With Totoro greeting you at the entrance, step inside this colorful and whimsical museum and learn all about Studio Ghibli animations. Stroll through the beautiful exhibits and discover how animated films are created. After learning about the movie process, you can catch the screening of short museum-exclusive films. Kids will love playing on the plush Cat Bus from My Neighbor Totoro and later, you can visit the rooftop garden to see the seven-meter (23 feet) tall statue of Robot Soldier from Laputa Castle in the Sky. Pay a visit to the Ghibli Museum to learn more about an iconic animation studio.
The Tokyo National Museum displays a bevy of sculptures, paintings, calligraphy, archaeological objects and other decorative arts. Broadly divided into Japanese, Chinese and Korean forms, the museum's collections are nothing short of artistic preservation of Asian history and culture. Exhibitions, lectures and gallery talks are held regularly, so visitors can gain access to some valuable information about the world's largest continent. The museum also stores historical documents dating back to the 10th and 11th Centuries.
One of the top venues in the city for high-profile performances and events, Billboard Live in Tokyo Midtown is exciting as it is unique. With a glass backdrop that faces Hinokicho Park, the audience can enjoy the awe-inspiring cityscape until the show begins. Billboard Live is designed in a contemporary format, with the main auditorium featuring diverse seating options - while the lower and middle half constitutes of table and sofa seating, the upper level has a standing area. In the past, Billboard Live has enthralled audiences with concerts by Keith Emerson, Maxi Priest and ABC.
Watching over the increasingly-cosmopolitan landscape of Sumida, Tokyo Sky Tree is one of the tallest of its kind in the whole of Japan. The tower is indeed a beacon of the city's contemporary bent and an amalgam of the country's traditional tastes and elements of Neo-futuristic architecture. Boasting a monumental scale of 634 meters (2080 feet), this lofty tower is home to many attractions including a restaurant, a cafe, an aquarium and a couple of observation decks that afford astounding views of the metropolitan cityscape beneath. Also doubling as a broadcasting tower, Tokyo Skytree prides itself on its glorious standing as one of the world's tallest towers. A sight of magnificence and luminescence at night, Tokyo Sky Tree is not only a dominating feature of Sumida's skyline but is also a majestic embodiment of the city's ever-evolving face.
First opened in 1935, the historic Tsukiji fish market created an outer market region, thanks to its massive popularity. Known as the Tsukiji Outer Market, this vibrant landmark sells a variety of items like fresh produce, fish, utensils as well as ready to eat food. The market came into existence as a need to cater to non-wholesale customers, who were initially barred from entering the area for it was solely commercial. Even though the historic inner market has shut shop, you can still enjoy the unique shopping culture at the Outer Market.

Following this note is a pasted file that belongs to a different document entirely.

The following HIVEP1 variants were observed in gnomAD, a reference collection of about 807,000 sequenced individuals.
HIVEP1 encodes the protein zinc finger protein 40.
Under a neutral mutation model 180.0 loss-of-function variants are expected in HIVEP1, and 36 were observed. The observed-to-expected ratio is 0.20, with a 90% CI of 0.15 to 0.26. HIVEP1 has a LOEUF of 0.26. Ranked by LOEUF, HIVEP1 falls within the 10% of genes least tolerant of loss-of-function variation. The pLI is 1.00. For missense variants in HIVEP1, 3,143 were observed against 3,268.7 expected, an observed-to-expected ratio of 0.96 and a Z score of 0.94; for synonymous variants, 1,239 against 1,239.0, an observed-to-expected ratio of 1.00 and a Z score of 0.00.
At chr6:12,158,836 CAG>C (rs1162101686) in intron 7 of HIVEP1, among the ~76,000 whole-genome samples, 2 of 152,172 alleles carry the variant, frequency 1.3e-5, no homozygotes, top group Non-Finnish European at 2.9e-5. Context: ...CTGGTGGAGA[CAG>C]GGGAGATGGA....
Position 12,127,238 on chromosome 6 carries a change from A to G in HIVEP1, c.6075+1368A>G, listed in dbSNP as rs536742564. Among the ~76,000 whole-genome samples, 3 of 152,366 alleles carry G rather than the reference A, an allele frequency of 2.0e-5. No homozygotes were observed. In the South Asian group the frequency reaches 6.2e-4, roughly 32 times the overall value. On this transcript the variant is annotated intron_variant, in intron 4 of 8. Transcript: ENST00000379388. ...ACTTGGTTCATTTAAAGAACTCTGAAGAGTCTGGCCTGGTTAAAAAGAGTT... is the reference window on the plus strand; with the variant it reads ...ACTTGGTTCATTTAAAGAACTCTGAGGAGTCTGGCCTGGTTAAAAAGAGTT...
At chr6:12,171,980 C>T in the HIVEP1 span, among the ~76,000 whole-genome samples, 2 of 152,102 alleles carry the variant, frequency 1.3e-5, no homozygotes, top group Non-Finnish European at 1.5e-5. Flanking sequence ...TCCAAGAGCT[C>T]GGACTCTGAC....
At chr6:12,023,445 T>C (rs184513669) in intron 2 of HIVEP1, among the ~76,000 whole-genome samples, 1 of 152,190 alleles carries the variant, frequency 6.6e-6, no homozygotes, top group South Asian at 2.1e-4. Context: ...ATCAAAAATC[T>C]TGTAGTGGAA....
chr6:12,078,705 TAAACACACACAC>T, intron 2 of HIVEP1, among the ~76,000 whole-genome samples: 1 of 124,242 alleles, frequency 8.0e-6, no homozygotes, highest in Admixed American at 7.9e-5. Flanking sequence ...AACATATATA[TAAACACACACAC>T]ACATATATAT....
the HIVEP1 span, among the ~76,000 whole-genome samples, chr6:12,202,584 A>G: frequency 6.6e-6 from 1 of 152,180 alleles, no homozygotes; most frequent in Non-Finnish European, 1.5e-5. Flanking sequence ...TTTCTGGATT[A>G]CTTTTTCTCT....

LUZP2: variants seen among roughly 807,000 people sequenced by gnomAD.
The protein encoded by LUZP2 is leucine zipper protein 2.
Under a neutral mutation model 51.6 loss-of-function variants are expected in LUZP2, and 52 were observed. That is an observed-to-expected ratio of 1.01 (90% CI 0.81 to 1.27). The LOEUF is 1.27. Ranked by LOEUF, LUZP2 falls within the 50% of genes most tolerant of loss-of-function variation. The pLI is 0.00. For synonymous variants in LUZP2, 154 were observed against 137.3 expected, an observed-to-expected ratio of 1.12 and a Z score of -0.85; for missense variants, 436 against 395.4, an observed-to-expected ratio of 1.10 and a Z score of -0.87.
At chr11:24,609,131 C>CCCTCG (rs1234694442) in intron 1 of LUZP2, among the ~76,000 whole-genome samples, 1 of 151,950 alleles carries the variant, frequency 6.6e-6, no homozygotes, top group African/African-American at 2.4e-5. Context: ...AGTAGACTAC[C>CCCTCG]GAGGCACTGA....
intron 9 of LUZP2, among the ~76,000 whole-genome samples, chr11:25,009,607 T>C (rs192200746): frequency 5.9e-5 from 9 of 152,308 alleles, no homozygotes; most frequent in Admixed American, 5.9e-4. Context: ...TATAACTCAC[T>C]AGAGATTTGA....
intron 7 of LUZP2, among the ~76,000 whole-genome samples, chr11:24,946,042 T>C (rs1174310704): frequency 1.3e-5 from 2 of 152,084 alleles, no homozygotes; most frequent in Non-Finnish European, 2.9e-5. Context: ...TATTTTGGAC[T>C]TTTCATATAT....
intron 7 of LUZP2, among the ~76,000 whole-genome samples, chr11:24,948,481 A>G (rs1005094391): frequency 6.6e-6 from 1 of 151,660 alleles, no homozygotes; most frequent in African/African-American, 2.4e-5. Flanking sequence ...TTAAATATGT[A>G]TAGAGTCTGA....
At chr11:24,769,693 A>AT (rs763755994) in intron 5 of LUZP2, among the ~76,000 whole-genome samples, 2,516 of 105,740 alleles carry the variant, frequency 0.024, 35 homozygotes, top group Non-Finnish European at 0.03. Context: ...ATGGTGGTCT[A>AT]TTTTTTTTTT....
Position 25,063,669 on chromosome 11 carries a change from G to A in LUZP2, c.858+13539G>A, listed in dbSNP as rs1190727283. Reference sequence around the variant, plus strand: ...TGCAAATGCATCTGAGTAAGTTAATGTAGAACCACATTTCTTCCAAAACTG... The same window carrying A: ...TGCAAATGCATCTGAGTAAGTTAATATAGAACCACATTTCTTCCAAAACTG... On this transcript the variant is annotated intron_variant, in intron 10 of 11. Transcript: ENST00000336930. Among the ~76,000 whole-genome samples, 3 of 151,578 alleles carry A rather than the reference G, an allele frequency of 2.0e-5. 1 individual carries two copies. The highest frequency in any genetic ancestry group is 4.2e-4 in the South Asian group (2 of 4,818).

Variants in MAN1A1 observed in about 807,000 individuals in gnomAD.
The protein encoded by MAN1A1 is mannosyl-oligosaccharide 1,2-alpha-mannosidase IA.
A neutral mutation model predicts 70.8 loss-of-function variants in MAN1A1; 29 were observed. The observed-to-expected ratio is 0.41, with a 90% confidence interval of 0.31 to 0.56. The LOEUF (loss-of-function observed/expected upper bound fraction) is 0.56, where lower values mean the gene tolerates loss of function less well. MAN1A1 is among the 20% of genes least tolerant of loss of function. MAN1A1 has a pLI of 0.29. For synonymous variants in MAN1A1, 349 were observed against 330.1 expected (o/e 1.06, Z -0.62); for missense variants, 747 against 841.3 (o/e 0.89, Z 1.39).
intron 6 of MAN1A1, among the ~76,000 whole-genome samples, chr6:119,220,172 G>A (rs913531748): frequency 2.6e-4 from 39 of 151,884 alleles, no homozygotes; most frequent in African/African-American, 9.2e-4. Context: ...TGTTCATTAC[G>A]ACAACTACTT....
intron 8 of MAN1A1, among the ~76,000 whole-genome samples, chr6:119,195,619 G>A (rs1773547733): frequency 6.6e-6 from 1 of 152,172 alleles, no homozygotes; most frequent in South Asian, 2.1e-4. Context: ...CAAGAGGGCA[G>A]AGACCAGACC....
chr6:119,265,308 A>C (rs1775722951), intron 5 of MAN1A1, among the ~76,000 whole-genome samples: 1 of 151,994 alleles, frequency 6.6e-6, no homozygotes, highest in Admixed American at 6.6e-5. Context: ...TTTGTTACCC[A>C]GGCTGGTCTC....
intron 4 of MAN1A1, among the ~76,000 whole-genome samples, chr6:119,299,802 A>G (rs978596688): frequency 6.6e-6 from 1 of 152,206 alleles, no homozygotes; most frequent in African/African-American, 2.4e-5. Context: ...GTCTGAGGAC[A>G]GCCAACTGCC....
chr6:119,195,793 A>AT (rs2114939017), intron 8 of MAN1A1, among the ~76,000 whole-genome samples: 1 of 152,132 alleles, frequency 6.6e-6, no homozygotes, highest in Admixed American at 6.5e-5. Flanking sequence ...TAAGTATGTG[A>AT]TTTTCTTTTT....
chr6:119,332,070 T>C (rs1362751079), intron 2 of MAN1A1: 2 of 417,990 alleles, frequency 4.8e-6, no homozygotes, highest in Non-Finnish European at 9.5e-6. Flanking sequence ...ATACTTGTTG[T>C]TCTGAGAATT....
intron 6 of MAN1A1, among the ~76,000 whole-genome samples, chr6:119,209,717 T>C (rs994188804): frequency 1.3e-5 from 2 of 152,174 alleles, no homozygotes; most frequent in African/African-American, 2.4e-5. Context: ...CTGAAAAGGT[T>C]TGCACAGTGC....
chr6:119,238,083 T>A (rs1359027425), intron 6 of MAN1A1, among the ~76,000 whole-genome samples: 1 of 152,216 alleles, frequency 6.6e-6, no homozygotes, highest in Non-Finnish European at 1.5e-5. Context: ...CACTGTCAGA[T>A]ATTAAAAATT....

This cinema complex is definitely worth a visit if you are into state-of-the-art cinema technology coupled with the very latest in cinema comfort. Virgin took the concept of "first class" from the airline industry and produced the "premier screen". Each row has just two seats, each with a tray for drinks and snacks, to ensure that you experience luxury on par with the first class section of an international flight. Seats in all nine of the theaters can be booked in advance, so there is no need to queue for tickets.
A cultural hot-spot located in Kyobashi, the National Film Archive of Japan pays tribute to the Japanese film industry. The center is the nation's exclusive authority on all cinema-related archives, with nearly 40,000 national and international films held in its collection. Interested visitors can browse through their permanent exhibits that include books, periodicals, posters, among several other paraphernalia. There are also special film screenings held at their in-house cinemas, featuring vintage movies, attracting a a large crowd of movie buffs. There is also a library of film books, and other film-related memorabilia on the premises.
Idemitsu Museum of Arts is located on the 9th floor in the Teigeki building. Since its 1966 opening, the Idemitsu has earned a reputation for housing excellent ceramics, the Chinese portion of which is among the most extensive to be found in Japan. The collection also includes byobu (folding screens), lacquer, painting, Chinese bronzes, scrolls, calligraphy, and tea utensils. For study and research, representative shards from various Japanese kilns are on display in a separate room. The first museum director, Sazo Idemitsu acquired this collection over a 70-year span. In addition, the Idemitsu owns more than 400 works of the French religious and expressionist painter Georges-Henri Rouault (1871-1958).
At Tokyo Great Cycling Tour, you can choose from three kinds of tours: kayaking, running, or cycling. If you can't speak Japanese, no problem. Most staff can speak English, so you will be able to have a good time with them. If you wish to learn more about tours, please go to their website. Have you ever joined such a unique tour? If not, this is a good opportunity.